My mother used to say to me when I was a little girl, “Don’t make people wait.” Now that was a long time ago, and perhaps not always the right advice, but it has stuck in my head.

Sometimes it’s strategically wise to wait for the right moment. Sometimes keeping people waiting for you not only inconveniences them, but causes them to miss opportunities of their own. You probably know where I’m going with this.

“It’s time for Hillary to declare herself a candidate,” we hear. “She would have had people in place to publicly handle this email problem.” Or, on the other hand, “Not having to go through being torn apart in a primary saves her political strength for the battle with the Republican candidate.”

So, what do you think about Hillary? As a man? As a woman? We know a lot about her. Too much? She won’t be ignored. But she brings all that baggage. Each week new baggage, such as complications with contributions to the Clinton Foundation from foreign entities.

But, you see, there is always something wrong with a woman. That’s what I tell the women I teach who are preparing for public ministry. “You will be too young or too old; too tall or too short; too married, or too not married; too out-spoken or too soft-spoken; too fat or too thin, too . . .” Well, you have the idea. One woman, when interviewing for a position a few years back was told she didn’t receive it because she was “too happy.”

Women have been ignored for centuries, a classic way to pretend they had nothing to contribute.  (The saying that a woman who puts forth a good idea in the board room will have it ignored until a man puts forth the same idea is true, of course, again, and again, and again.) Or women are ignored as a way to pretend they do not exist. So, we need a candidate for president who is known.

We also cannot seem to deal with too many women in positions of leadership. That frightens people. Any “minority” group rising to majority status threatens those in power whether by  gender, race, economic class, or anything else. Women not actually being a minority makes things even worse.  “How many more of you are there out there?” I was asked when I became the first women professor in a tenure tract position in a seminary of my church body. “Quite a few,” I answered. (Or did I say, “A lot”? Probably not—I wanted the position!)

But back to Hillary. She is known. She is smart. She has tens of thousands of followers. She is a global figure. She is experienced, and not just as “the wife” of. . .  She has earned the right to become a presidential candidate. She is an amazingly hard-worker.  She is committed to helping people and her country.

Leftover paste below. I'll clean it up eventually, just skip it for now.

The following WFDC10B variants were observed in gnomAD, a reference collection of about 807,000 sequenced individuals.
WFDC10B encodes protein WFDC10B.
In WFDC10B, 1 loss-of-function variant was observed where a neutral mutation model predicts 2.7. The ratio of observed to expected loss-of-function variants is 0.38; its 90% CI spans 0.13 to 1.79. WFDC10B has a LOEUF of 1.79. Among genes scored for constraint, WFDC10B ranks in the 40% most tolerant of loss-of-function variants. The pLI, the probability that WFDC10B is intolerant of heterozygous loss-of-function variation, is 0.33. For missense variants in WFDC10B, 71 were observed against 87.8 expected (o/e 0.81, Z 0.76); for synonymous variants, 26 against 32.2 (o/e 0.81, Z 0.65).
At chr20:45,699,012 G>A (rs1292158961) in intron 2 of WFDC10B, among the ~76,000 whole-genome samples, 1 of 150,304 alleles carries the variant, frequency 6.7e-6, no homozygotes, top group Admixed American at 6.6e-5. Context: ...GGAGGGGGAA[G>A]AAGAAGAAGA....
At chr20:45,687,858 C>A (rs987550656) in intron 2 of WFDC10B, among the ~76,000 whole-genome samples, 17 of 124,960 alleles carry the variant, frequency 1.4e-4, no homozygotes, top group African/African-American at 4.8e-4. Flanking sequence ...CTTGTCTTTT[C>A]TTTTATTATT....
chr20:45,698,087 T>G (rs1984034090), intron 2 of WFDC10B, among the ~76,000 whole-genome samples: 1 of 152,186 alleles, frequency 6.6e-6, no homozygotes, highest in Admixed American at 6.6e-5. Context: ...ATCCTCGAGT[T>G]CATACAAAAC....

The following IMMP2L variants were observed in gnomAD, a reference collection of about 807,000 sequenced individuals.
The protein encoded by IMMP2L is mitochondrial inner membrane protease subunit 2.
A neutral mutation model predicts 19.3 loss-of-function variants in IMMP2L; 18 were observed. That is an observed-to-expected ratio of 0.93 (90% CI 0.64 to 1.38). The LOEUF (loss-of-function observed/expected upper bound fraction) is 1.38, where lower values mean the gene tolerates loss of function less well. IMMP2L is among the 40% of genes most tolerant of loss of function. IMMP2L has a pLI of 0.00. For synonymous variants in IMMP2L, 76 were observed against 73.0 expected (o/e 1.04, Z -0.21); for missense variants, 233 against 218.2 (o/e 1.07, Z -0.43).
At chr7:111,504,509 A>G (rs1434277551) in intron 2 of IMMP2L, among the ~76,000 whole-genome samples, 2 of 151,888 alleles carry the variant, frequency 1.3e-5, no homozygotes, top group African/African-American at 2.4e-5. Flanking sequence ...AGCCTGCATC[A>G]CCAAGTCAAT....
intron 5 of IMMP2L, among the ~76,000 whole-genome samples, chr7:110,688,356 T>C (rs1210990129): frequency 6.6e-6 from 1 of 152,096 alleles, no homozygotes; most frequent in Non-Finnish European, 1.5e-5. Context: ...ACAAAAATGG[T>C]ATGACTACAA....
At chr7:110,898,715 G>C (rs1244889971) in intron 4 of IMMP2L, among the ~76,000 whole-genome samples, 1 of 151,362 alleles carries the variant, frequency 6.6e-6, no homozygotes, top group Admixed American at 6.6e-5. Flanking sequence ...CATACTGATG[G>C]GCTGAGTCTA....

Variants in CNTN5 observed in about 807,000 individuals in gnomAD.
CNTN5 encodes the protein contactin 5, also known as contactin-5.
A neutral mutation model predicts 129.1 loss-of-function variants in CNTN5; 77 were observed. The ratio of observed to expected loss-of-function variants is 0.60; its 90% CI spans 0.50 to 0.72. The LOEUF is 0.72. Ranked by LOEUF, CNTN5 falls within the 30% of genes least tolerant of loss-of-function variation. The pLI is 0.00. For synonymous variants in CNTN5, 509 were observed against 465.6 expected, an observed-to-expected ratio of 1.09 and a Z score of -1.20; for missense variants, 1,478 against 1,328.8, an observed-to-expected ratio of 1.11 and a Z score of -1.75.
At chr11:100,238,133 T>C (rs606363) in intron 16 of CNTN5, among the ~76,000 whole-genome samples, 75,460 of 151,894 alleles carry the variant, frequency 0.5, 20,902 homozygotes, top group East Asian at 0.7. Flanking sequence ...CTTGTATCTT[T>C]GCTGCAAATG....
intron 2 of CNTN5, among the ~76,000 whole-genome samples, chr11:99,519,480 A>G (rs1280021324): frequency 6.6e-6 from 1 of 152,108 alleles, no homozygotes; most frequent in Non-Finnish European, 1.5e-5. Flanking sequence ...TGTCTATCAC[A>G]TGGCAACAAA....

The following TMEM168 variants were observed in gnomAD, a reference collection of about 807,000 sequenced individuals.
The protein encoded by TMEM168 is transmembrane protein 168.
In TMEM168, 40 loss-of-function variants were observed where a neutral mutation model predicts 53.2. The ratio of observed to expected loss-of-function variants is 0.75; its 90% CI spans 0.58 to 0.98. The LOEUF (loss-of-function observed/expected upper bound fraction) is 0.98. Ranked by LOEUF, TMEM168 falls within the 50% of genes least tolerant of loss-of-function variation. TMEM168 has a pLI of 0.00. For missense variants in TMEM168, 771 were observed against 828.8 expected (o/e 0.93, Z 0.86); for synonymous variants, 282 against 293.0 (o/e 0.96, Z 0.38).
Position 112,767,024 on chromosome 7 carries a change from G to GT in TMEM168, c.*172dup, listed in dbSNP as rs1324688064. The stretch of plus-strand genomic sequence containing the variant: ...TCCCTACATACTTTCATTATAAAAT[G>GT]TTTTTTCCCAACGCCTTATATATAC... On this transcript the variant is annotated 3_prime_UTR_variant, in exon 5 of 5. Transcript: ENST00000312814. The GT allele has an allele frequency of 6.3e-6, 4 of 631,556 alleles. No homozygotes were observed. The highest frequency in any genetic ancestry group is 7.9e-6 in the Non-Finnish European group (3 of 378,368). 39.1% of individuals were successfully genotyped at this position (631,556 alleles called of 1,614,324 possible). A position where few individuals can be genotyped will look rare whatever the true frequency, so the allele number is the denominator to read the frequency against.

And she will be vilified. For all sorts of reasons, including contradictory ones.  “She should not have stayed with Bill.” “She should have stayed with Bill.” Speaking of Bill, he has made major global contributions since he left office. Speaking of Bill, he could trip Hillary up in a well-meaning effort to be helping her.

Back to waiting.  There’s a strange thing about being the “first woman to. . .” Just because there has never been a woman in a particular occupation or situation, people seem to assume no woman but one is prepared for that opportunity. It’s all in the timing. Hillary knows that. And she also knows that she stands among millions of women worldwide with gifts to serve in their countries and communities.  Hillary has and will open doors for many women, speaking out for women and children and all who are oppressed.

She is more than qualified.  The time is now in the minds of many women and men. And yet for many others the time will never be right. “Can’t you wait a few more years?” I was told (not asked) when seeking ordination to pastoral ministry after having waited 17 years for my church body to be ready.

Too young.  Too old. Have you noticed that when a woman is finally deemed experienced enough to be qualified for a public position, or is old enough to have accomplished things in life, her first name becomes “Grandmother”?  Grandmother leads corporation. Grandmother chases away bank robber. Grandmother speaks out against. . . The first name of a leading male politician or male anything is not “Grandfather.” This is simply another way to diminish a woman and to put her back in her “domestic arena.”


Hillary is here in the public arena. Hillary is authentic. The time is now. No more waiting!